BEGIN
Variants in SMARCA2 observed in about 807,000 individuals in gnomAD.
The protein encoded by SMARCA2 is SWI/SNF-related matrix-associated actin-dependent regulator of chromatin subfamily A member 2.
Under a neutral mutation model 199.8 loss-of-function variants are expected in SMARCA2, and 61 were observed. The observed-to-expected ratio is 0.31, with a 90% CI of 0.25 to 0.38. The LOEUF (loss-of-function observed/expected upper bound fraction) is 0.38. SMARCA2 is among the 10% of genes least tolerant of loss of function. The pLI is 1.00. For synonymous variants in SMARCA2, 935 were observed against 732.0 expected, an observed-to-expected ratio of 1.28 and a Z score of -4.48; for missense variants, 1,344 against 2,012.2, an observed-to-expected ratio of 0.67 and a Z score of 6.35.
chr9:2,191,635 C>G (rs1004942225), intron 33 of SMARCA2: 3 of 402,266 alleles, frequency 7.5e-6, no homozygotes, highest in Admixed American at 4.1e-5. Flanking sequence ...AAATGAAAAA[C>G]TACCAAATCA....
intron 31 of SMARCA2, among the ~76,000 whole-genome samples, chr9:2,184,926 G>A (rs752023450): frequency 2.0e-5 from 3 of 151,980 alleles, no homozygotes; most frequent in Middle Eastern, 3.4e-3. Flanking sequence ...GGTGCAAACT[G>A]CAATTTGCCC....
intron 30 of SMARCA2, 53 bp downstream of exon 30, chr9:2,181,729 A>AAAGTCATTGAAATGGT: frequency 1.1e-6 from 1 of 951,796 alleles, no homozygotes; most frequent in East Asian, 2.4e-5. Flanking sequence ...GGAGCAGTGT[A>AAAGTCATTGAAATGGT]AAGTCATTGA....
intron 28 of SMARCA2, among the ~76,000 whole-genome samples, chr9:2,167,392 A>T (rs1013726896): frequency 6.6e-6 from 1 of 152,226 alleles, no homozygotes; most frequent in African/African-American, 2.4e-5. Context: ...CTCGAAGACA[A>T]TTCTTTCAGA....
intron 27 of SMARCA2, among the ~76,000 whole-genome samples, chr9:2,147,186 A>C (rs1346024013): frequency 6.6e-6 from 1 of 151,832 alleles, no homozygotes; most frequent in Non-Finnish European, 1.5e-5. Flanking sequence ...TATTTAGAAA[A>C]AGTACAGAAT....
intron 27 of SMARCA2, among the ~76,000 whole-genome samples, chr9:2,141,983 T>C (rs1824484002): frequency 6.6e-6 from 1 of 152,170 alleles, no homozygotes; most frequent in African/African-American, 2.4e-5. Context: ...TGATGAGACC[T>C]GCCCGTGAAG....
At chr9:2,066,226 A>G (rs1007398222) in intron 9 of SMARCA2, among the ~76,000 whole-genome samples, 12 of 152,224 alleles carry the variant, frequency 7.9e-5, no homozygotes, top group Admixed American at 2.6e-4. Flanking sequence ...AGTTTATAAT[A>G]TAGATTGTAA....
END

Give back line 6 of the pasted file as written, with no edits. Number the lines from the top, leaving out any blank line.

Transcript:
intron 30 of SMARCA2, 53 bp downstream of exon 30, chr9:2,181,729 A>AAAGTCATTGAAATGGT: frequency 1.1e-6 from 1 of 951,796 alleles, no homozygotes; most frequent in East Asian, 2.4e-5. Flanking sequence ...GGAGCAGTGT[A>AAAGTCATTGAAATGGT]AAGTCATTGA....